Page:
In 1927, several socialist-leaning American academics visited the Soviet Union, anxious to bring back stories of how successful the new Communist regime had been in its decade of infancy, and how it was exceeding American prosperity by cobbling a technocratic, redistributive path into the future.
Many returned with fantastic stories about how America was, by contrast, backward in its reliance upon free markets and aversion to Soviet-style economic principles. But among those mildly disillusioned by the trip was Roger Baldwin, the founder of the American Civil Liberties Union, who seemed to recognize that, despite whatever fondness he held for redistributionist economic policies, the Soviet Union lacked something which was most fundamental in America, and, incidentally, would lead to the horrific injustices that the Soviet Union would later inflict upon its people.
That is, in America, we’ve long held the notion of individual liberty as sacrosanct. The “social justice” promised by Soviet Communism offered no such protections to its people.
Like many in America, Baldwin was a critic of the treatment of Italian anarchists Sacco and Vanzetti. Soviet propaganda had made the two immigrants the poster boys of American capitalists’ intolerance and political tyranny. When Baldwin spoke to a group of airplane factory workers about the injustices in America, the Soviet workers began to chant “Sacco and Vanzetti,” as the two had been executed since Baldwin had left America.
Baldwin felt compelled, however, to tell the Soviet factory workers that Sacco and Vanzetti had “enjoyed the full defense of the law.” He then related a contrary story, according to Amity Shlaes, in her excellent book, The Forgotten Man. Baldwin said to the Soviet factory workers:
What Baldwin would “remember for decades” is a woman “approaching him with a countering argument” afterward. “You only talked about individual justice,” she said. “This is a bourgeois idea.”
But it is not just a “bourgeois idea.” Individual liberty, the very crux of the American idea, cannot exist without the notion of justice being applied at the level of the individual. Unless individual guilt can be discerned, punishment of that individual is unequivocally unjust.
This is one, among the many, fronts upon which proponents of collectivized “social justice” in America morally fail.
Recently, we witnessed a farce on Capitol Hill when a number of black activists suggested that white American taxpayers should pay monetary “reparations” to black American descendants of the ancient institution of slavery. And now, several leading Democratic candidates for the presidency have voiced their support for “studying” such reparations.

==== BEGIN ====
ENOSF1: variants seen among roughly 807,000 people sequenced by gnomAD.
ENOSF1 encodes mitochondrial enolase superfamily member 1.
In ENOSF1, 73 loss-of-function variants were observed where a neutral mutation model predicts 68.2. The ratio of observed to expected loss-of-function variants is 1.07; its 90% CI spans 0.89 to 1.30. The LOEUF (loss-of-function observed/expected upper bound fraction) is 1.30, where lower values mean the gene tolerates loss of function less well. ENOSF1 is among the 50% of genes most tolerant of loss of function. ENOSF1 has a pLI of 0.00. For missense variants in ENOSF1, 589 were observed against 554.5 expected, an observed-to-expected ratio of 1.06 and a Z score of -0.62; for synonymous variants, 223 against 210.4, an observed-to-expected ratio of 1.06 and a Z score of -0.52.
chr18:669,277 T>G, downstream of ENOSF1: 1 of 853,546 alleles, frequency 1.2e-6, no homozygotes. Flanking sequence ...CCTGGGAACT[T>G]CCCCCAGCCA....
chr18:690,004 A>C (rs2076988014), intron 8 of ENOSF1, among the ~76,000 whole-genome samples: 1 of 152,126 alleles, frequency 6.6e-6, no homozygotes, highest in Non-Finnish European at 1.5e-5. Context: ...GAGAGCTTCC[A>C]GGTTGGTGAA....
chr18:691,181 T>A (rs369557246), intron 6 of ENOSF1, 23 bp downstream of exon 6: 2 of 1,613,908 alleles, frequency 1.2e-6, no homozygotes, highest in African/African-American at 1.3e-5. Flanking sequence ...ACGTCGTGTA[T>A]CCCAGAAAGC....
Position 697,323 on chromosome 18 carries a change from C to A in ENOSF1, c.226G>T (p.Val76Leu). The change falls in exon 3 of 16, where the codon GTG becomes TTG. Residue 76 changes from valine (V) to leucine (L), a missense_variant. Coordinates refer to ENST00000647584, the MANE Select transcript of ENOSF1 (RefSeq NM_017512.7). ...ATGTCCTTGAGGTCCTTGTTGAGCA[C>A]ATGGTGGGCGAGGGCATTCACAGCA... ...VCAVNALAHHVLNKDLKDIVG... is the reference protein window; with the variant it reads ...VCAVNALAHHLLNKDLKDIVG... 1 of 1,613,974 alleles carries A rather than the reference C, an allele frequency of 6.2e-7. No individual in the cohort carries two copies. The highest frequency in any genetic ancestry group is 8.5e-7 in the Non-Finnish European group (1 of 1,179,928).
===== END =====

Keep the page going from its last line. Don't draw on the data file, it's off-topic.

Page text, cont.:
This is a curious choice by these candidates, considering that a recent poll by Rasmussen shows that only 21% of likely American voters support redistributive measures to pay reparations to descendants of slaves.
Of course, the value in supporting reparations is not in the popularity of this unique issue, but the political currency which comes with virtue-signaling one’s progressive bona fides. What we saw on Capitol Hill, and what we see when Democratic presidential hopefuls support reparations, is nothing more than a collectivized show trial against white Americans. Democrats are seeking to use the court of public opinion to indict millions of these innocent Americans for crimes they did not commit, and punish them by robbing them of their individual rights to property, in order to pay millions of others for oppression which they never endured, and which would, furthermore, be impossible to monetarily quantify.
There is no coherence to that argument, but there doesn’t have to be. Evidence of individual victimhood or guilt are incidental considerations when set against the imperative to advance “social justice.”
Social justice, as the left imagines it, must be applied in a very specific fashion. First, a collectivized victim class must be established, and collectivized guilt must be assigned. Second, a punishment must be meted out by a broad government hammer, without evidence of either individual victimhood or individual guilt. Such collective solutions, you see, demand that there be no consideration to the individual.
How else could one reach the conclusion that a poor white American must provide financial restitution to far more financially successful black men like Ta-Nehisi Coates for some historical oppression that was neither individually borne by the supposed “victim,” nor individually perpetrated by the poor white American?
None of this is truly about race, it should be noted. It is about securing and normalizing the mechanism for seizure of property from one class of people, collectively deemed “guilty” by the State, in order to provide that stolen property to others who are collectively deemed “victims” by the State. This is the only possible recipe for communism, socialism, or its more popular and openly acceptable American cousin, social justice.
But social justice is not now, and has never been, actual justice. Social justice is the unadulterated corruption of the only justice that matters – individual justice. What we are witnessing is the continuing quest to replace our government, which exists to protect individual liberty, with one that has the power to disregard individual liberty in order to advance its own interests by appeasing selected and preferred political classes through redistribution.
The federal government seizing my wealth, simply because of my skin color, for crimes that I most certainly did not commit, would be an absolute injustice and an affront to my liberty.
That’s never been a “bourgeois idea.” It’s the simplest of facts. And in America, we should easily recognize that as the most fundamental issue with any effort to advance redistributive reparations.
Graphic credit: Picpedia